WASHINGTON -- President Bush acknowleged on Saturday that he authorized the National Security Agency "to intercept the international communications of people with known links to al Qaeda and related terrorist organizations" and said leaks to the media about the program were illegal.
Sources have told CNN that Bush signed a secret order in 2002 allowing the NSA to eavesdrop on Americans and others in the United States who are communicating with people overseas. The story was first reported Friday in The New York Times.
'REVEALING THIS INFORMATION IS ILLEGAL'
President George W. Bush gives a televised address from the Oval Office at the White House in Washington. Bush used the appearance to state that he had authorized the use of highly secret wiretaps by the National Security Agency. (Photo/REUTERS/Chris Kleponis)
During an unusual live, on-camera version of his weekly radio address, Bush said such authorization is "fully consistent" with his "constitutional responsibilities and authorities."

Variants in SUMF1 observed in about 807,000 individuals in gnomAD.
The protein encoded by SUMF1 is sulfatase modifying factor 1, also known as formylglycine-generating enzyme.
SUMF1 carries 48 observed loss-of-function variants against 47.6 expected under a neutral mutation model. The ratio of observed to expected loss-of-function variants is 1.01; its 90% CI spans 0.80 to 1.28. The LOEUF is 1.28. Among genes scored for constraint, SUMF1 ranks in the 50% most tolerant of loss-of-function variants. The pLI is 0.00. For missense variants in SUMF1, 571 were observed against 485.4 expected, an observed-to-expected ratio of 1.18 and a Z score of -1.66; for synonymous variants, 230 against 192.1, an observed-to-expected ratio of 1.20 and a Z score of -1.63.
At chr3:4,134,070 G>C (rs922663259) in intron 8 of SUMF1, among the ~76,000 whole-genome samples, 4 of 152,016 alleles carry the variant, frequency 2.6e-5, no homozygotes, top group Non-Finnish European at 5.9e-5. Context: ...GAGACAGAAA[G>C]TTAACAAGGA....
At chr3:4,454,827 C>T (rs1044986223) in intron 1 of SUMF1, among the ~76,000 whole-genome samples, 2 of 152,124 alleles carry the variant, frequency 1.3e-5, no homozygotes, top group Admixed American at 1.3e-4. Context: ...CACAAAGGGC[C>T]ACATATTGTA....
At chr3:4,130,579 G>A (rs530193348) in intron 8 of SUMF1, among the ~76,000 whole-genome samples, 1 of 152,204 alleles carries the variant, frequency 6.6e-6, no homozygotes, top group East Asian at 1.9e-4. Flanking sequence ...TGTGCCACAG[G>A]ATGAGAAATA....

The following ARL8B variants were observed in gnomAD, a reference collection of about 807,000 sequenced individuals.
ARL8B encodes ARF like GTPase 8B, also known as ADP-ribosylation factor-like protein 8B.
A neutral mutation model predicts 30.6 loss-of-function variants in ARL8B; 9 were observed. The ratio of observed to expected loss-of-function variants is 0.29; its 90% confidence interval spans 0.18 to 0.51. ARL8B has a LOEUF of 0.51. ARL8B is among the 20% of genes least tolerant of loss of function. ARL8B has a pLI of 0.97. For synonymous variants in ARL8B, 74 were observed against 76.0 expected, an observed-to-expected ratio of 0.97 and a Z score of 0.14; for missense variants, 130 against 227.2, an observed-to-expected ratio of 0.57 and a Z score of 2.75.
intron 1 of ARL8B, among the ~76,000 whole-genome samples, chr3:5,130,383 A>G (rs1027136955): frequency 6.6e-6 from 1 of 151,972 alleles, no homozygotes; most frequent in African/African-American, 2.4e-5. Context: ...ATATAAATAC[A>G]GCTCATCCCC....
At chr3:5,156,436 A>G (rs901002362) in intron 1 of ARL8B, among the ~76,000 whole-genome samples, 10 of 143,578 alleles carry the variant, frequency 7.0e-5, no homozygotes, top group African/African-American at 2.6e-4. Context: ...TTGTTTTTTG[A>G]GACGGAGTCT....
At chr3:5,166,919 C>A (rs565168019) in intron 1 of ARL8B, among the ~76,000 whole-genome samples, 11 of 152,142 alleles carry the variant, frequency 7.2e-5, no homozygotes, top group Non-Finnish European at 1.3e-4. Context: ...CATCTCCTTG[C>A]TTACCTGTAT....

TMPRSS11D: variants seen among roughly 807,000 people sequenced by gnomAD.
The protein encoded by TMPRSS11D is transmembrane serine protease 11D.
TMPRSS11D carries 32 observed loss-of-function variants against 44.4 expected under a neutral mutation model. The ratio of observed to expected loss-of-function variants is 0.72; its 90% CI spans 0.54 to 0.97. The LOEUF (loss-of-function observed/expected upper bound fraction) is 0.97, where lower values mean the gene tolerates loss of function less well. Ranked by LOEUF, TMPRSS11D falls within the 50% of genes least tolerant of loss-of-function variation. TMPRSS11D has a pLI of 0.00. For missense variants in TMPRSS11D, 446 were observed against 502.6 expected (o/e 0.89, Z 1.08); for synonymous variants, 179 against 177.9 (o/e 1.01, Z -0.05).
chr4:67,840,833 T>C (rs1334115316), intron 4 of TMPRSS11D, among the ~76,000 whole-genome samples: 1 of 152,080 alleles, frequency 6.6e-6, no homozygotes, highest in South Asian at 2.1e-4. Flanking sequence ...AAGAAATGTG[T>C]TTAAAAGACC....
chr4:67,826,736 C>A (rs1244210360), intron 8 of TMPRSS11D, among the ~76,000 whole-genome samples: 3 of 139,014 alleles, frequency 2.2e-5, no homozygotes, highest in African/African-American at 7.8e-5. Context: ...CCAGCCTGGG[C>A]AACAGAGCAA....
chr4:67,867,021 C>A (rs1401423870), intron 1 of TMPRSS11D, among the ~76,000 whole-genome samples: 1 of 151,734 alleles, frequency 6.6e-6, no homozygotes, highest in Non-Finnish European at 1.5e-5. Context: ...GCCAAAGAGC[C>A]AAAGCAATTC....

"This is highly classified program crucial to our national security" and "its purpose is to detect and prevent terrorist attacks," Bush said.
"The existence of this secret program was revealed in media reports after being improperly given to news organizations," Bush said. "Unauthorized disclosure damages our national security and puts our nation at risk.
"Revealing this information is illegal."
The NSA eavesdrops on billions of communications worldwide. Although the NSA is barred from domestic spying, it can get warrants issued with the permission of a special court called the Foreign Intelligence Surveillance Act Court.
The court is set up specifically to issue warrants allowing wiretapping on domestic soil.
Democratic Sen. Russ Feingold of Wisconsin said Saturday: "There's not a single senator or member of Congress who thought we were authorizing wiretaps."
"If he needs a wiretap, the authority is already there -- the Federal Intelligence Surveillance Act," Feingold said. "They can ask for a warrant to do that and even if there's an emergency situation they can go for 72 hours as long as they give notice at the end of 72 hours."